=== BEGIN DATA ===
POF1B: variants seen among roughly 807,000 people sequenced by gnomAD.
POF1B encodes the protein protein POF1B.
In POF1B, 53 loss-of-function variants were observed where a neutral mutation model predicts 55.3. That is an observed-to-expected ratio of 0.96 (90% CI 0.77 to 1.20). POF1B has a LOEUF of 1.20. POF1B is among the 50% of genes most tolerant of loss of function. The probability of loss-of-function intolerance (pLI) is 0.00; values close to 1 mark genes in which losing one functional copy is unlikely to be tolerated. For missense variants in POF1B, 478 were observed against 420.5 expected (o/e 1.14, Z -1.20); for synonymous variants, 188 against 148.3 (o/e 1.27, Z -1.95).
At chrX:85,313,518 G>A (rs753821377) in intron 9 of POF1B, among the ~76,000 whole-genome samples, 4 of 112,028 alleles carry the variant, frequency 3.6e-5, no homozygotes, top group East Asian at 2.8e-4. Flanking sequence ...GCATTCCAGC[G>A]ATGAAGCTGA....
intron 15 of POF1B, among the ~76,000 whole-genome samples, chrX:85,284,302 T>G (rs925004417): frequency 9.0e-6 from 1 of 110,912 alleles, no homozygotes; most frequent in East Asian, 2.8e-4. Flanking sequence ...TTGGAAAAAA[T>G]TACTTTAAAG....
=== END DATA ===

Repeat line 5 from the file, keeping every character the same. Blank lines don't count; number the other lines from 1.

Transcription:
intron 15 of POF1B, among the ~76,000 whole-genome samples, chrX:85,284,302 T>G (rs925004417): frequency 9.0e-6 from 1 of 110,912 alleles, no homozygotes; most frequent in East Asian, 2.8e-4. Flanking sequence ...TTGGAAAAAA[T>G]TACTTTAAAG....